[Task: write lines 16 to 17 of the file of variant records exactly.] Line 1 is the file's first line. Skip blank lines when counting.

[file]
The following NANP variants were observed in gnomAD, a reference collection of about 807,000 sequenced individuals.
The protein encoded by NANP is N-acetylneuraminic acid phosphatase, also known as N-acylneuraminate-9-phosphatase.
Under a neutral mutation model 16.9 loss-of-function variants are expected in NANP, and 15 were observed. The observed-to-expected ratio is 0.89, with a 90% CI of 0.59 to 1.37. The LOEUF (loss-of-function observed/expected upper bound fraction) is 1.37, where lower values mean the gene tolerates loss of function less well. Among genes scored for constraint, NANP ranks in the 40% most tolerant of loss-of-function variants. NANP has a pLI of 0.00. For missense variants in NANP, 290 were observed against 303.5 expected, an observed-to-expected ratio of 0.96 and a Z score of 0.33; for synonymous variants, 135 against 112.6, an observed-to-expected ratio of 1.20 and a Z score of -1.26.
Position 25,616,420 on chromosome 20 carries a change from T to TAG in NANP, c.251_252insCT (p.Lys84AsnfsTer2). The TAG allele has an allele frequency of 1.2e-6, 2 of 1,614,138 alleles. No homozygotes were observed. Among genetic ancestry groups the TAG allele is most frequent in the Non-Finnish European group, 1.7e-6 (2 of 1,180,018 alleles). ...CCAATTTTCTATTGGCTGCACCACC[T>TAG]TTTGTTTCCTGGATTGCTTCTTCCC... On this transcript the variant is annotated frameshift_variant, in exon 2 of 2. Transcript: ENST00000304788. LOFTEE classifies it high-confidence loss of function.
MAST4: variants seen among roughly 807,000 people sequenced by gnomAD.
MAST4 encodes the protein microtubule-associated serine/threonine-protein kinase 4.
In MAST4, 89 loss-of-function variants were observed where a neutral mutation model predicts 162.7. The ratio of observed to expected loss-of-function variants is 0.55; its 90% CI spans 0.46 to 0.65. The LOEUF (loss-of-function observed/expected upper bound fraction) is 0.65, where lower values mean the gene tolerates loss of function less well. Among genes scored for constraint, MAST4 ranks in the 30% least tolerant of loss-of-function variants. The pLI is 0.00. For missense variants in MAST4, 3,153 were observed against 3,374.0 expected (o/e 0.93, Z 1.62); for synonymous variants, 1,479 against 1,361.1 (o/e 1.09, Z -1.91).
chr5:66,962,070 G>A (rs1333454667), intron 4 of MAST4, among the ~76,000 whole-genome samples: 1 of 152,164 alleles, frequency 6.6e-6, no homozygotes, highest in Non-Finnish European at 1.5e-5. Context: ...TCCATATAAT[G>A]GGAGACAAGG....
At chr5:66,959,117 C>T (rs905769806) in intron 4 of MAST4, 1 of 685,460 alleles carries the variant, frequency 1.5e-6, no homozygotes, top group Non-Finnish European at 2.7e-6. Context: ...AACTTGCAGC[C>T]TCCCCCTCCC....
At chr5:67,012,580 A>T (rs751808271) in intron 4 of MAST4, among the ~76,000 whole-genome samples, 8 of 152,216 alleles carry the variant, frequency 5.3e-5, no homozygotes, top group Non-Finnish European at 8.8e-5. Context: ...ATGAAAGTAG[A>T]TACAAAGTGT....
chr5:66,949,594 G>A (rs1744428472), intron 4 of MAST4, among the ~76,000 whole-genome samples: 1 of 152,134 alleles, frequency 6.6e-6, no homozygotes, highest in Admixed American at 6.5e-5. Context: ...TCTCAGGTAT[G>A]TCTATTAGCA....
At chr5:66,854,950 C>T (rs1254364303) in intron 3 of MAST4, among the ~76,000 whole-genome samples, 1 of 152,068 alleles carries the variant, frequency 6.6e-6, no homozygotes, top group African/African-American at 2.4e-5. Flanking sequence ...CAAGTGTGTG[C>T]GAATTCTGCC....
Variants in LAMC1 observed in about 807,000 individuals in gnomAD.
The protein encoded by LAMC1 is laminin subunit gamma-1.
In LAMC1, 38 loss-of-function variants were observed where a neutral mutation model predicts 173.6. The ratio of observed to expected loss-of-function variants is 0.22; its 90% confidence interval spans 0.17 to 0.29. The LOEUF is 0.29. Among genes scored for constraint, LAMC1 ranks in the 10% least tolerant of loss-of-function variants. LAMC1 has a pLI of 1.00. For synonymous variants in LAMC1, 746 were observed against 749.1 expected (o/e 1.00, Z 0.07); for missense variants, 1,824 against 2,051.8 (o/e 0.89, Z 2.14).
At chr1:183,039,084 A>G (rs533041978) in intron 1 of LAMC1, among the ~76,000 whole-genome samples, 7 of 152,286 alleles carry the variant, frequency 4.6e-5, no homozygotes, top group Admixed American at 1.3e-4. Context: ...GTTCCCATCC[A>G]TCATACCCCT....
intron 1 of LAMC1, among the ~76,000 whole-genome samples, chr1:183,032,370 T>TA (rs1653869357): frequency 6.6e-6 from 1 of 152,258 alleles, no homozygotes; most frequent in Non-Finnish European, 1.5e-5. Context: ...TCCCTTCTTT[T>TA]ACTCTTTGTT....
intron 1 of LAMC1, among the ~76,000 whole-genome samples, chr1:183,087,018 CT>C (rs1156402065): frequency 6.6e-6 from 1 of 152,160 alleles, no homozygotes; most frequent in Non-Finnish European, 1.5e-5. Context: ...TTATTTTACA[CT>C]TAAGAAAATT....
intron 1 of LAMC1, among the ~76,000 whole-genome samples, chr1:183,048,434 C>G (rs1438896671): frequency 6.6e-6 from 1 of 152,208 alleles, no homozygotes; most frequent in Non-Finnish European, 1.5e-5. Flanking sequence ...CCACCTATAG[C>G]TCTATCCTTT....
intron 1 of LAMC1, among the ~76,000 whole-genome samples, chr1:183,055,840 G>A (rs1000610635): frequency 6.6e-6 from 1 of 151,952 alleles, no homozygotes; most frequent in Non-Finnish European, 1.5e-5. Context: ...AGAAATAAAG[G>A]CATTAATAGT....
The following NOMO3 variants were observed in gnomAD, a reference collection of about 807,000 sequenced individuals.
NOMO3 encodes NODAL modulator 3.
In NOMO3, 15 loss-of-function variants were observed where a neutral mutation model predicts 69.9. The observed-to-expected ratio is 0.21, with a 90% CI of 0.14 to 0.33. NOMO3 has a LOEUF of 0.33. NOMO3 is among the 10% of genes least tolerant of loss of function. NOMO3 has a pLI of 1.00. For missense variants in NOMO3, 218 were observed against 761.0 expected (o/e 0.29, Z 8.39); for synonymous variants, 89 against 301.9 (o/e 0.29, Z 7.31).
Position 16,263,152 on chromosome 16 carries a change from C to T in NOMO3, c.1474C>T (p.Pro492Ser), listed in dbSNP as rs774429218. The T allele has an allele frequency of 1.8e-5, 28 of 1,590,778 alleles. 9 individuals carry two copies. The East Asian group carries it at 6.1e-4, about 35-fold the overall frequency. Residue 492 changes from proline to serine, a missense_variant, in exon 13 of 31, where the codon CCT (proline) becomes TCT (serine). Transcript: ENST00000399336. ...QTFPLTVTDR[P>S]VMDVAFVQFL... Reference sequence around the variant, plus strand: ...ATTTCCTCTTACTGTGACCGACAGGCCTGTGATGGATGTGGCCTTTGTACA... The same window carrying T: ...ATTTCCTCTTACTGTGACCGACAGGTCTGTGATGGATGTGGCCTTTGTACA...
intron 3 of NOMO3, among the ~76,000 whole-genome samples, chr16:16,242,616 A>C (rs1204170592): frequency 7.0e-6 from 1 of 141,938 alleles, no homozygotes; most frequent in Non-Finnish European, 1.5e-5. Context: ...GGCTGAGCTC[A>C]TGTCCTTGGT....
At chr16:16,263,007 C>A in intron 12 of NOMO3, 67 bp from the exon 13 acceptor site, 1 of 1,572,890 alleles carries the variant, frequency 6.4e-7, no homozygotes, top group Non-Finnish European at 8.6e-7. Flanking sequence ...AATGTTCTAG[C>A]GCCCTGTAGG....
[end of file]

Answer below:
At chr1:183,039,084 A>G (rs533041978) in intron 1 of LAMC1, among the ~76,000 whole-genome samples, 7 of 152,286 alleles carry the variant, frequency 4.6e-5, no homozygotes, top group Admixed American at 1.3e-4. Context: ...GTTCCCATCC[A>G]TCATACCCCT....
intron 1 of LAMC1, among the ~76,000 whole-genome samples, chr1:183,032,370 T>TA (rs1653869357): frequency 6.6e-6 from 1 of 152,258 alleles, no homozygotes; most frequent in Non-Finnish European, 1.5e-5. Context: ...TCCCTTCTTT[T>TA]ACTCTTTGTT....